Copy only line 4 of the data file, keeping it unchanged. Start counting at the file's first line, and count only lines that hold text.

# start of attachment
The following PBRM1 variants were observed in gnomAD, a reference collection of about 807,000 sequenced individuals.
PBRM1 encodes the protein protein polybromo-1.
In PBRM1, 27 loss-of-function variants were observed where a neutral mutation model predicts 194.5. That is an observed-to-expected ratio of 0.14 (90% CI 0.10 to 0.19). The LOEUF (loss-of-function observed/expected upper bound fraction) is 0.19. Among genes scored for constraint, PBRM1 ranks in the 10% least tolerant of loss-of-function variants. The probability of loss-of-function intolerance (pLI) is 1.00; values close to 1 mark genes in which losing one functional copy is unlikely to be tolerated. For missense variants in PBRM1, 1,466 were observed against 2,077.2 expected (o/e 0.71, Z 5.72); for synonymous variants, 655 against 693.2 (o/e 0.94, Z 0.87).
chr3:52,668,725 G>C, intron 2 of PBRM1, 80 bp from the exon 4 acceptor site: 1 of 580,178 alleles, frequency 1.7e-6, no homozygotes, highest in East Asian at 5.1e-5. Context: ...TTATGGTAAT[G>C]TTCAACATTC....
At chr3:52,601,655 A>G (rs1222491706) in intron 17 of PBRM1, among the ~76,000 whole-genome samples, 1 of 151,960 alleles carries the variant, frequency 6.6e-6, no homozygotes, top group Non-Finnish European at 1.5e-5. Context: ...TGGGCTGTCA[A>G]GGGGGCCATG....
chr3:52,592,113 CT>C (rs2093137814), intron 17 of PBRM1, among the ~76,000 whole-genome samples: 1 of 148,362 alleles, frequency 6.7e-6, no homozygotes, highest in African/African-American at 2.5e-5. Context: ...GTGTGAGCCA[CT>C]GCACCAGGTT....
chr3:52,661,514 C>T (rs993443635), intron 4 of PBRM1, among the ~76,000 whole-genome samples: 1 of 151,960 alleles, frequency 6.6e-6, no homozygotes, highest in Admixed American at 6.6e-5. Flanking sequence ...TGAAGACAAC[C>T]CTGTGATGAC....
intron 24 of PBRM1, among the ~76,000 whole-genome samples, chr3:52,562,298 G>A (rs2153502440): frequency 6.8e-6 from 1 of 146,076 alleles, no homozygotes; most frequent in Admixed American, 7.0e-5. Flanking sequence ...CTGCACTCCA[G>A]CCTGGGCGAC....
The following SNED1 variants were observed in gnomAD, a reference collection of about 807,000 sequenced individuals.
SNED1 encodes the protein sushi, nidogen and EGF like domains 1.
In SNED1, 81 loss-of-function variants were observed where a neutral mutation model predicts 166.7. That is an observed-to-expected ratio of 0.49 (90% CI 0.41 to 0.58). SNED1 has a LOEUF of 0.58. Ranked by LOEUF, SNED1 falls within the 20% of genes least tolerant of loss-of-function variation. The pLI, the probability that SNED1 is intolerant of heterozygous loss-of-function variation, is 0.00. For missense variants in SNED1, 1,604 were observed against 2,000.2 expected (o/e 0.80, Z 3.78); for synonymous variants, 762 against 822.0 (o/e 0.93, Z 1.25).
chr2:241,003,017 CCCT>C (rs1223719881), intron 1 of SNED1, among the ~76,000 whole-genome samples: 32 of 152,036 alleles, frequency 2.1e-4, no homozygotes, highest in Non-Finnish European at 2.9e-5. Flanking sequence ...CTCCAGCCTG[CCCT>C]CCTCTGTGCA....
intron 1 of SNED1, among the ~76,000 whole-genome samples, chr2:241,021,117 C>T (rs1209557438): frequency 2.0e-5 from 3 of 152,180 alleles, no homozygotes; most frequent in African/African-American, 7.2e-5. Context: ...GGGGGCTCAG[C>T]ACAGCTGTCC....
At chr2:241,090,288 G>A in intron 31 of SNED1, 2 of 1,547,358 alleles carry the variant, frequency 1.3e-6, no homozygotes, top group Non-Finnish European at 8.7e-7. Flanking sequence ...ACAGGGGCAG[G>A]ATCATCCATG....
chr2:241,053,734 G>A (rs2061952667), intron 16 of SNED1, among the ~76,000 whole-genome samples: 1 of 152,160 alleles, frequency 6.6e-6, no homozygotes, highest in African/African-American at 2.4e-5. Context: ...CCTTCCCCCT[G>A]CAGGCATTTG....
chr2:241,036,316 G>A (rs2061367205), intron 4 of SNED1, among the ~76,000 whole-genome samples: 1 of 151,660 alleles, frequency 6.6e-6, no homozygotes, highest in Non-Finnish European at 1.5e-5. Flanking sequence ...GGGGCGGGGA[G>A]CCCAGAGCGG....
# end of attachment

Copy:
chr3:52,668,725 G>C, intron 2 of PBRM1, 80 bp from the exon 4 acceptor site: 1 of 580,178 alleles, frequency 1.7e-6, no homozygotes, highest in East Asian at 5.1e-5. Context: ...TTATGGTAAT[G>C]TTCAACATTC....